For more than half a decade the Simonsen law firm has been obtaining licenses from Norway’s data protection office which enabled the company to monitor file-sharers and collect their IP addresses.
There have been difficult periods though, such as in 2009 when the company’s license expired in the midst of a debate over what licensees can and cannot do. Now, three years later, Simonsen face another crisis.
Simonsen, which is home to famous pirate-chaser Espen Tøndel, became unlicensed in March this year after the Privacy Appeals Board rejected the law firm’s appeal against the Data Inspectorate’s decision not to issue a new license on data protection grounds. The effects of that rejection are now being felt.
“As of today no hunting of file-sharers is allowed in Norway,” said Cecilie Rønnevik, senior advisor to the Norwegian Data Inspectorate.
Simonsen, who work on behalf of clients such as the MPAA, says the decision is a blow to rightsholders.
“When no one is authorized to process personal data in order to stop copyright infringement, it weakens licensees’ ability to pursue violations happening online, and thus their ability to protect their interests. We hope and believe that this problem will soon be solved,” the company told TU.NO in an email.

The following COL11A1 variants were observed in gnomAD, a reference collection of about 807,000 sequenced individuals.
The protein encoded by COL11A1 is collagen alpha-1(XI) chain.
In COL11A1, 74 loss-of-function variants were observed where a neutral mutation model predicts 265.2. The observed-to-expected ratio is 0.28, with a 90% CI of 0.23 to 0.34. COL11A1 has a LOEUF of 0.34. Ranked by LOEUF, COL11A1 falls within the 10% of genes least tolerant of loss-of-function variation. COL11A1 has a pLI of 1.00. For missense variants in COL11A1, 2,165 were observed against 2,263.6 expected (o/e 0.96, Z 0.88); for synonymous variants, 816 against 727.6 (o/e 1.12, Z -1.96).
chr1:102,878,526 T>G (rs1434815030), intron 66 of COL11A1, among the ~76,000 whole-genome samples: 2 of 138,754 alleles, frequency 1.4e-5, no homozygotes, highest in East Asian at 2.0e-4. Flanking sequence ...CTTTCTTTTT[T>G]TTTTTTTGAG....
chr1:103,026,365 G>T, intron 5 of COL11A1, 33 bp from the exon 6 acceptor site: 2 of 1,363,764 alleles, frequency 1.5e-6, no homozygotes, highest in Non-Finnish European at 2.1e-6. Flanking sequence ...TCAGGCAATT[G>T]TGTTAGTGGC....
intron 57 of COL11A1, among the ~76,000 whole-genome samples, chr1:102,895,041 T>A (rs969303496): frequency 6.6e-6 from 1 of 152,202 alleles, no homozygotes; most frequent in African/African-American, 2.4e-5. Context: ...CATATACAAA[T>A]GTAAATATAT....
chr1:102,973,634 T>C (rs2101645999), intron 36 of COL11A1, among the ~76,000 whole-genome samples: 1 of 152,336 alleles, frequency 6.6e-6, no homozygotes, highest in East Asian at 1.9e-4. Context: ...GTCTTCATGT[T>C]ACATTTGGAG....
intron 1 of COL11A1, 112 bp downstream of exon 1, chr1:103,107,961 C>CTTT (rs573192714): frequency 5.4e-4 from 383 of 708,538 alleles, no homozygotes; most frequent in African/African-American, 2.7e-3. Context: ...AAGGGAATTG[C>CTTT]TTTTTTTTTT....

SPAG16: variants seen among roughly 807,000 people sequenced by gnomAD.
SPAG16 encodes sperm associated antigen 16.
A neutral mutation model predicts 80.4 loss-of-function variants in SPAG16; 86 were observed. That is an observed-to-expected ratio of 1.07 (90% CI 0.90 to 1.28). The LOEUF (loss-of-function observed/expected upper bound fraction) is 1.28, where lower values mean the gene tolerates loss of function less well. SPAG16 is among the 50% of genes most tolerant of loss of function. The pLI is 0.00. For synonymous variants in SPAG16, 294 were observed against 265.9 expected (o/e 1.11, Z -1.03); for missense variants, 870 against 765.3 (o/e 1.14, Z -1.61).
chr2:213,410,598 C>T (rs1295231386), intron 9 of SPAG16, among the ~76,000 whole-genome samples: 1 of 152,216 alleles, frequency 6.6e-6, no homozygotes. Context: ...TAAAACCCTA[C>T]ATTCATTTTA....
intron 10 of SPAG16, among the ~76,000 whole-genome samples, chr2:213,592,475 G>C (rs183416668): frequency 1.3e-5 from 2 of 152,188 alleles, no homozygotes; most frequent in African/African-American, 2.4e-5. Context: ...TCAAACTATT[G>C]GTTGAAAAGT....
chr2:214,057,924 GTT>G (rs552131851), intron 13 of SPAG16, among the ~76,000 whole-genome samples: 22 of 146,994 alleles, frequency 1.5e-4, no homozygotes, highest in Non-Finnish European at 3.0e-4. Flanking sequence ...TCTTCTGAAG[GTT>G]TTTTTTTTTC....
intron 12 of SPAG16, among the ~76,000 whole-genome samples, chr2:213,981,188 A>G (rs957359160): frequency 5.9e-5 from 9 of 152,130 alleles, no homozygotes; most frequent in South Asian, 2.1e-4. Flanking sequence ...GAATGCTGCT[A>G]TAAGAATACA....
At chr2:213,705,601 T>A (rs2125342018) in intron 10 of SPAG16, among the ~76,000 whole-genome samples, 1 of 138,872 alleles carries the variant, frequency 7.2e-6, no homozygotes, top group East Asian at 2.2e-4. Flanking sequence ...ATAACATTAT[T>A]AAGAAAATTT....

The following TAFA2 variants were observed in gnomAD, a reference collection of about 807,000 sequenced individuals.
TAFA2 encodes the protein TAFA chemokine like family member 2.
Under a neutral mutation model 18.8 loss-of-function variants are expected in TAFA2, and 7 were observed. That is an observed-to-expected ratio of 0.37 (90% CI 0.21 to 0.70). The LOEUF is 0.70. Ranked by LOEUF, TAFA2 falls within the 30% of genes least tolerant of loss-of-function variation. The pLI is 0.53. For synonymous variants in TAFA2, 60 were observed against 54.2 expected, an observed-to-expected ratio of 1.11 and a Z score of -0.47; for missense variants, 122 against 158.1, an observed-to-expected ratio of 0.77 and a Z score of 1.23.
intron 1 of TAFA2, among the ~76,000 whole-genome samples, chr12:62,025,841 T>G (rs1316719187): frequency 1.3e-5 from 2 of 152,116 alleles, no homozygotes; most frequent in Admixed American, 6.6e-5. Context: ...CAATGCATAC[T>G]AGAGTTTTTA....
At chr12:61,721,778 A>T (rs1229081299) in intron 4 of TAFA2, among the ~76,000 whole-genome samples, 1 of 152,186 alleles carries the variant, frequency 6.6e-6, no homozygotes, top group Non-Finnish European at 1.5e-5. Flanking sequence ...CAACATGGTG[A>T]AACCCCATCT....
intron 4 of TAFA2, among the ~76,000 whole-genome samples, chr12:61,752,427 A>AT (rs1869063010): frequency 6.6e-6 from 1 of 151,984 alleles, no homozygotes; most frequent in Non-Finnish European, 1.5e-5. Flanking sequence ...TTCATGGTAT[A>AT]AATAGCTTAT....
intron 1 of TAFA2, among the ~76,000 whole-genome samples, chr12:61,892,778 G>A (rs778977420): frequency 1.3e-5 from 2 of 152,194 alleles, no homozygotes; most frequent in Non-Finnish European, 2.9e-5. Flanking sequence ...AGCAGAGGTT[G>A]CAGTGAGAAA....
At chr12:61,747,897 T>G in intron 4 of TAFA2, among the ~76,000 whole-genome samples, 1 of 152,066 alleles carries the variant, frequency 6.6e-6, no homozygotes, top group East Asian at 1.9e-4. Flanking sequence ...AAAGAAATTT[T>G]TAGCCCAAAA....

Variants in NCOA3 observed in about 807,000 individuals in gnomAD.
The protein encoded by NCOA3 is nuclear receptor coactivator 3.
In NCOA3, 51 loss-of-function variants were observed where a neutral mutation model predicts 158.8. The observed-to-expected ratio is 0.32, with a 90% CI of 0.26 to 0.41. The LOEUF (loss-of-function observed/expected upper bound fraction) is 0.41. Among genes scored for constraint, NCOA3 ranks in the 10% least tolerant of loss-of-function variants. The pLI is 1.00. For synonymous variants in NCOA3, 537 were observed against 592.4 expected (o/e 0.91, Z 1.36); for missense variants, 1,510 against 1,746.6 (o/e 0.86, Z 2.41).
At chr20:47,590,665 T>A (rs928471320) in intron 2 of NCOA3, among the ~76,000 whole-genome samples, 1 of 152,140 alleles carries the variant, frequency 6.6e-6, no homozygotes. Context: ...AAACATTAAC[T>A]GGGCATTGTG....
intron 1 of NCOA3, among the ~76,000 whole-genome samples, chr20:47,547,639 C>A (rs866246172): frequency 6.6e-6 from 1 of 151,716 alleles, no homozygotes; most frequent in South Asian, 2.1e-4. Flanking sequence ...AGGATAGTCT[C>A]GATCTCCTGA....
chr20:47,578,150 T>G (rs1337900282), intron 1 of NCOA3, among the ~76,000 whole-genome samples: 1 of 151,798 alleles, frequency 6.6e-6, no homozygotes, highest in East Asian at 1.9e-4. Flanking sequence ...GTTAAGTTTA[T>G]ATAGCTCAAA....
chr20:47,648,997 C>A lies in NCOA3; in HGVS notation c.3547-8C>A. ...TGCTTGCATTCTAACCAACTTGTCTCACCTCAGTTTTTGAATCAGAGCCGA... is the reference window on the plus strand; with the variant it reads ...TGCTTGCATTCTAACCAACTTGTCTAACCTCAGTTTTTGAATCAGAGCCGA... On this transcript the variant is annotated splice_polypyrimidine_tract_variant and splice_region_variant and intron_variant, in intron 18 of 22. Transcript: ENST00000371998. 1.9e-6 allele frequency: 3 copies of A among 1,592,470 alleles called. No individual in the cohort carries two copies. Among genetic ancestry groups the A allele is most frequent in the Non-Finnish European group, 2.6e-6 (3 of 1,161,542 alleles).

There is a suggestion that one way around the problem would be to form an anti-piracy group to represent rightsholders, such as those that exists across the border in Sweden.
“We have been asked if we could accept an organization on the licensee side, a bit like Antipiratbyrån in Sweden,” said Cecilie Rønnevik from the Data Inspectorate. “We will consider it if we get an application for a license.”
No application has yet been received, so until one is – and a license is granted – Norwegian file-sharers can download whatever they like without any fear of repercussions. Whether that green light will have any effect on their habits remains to be seen.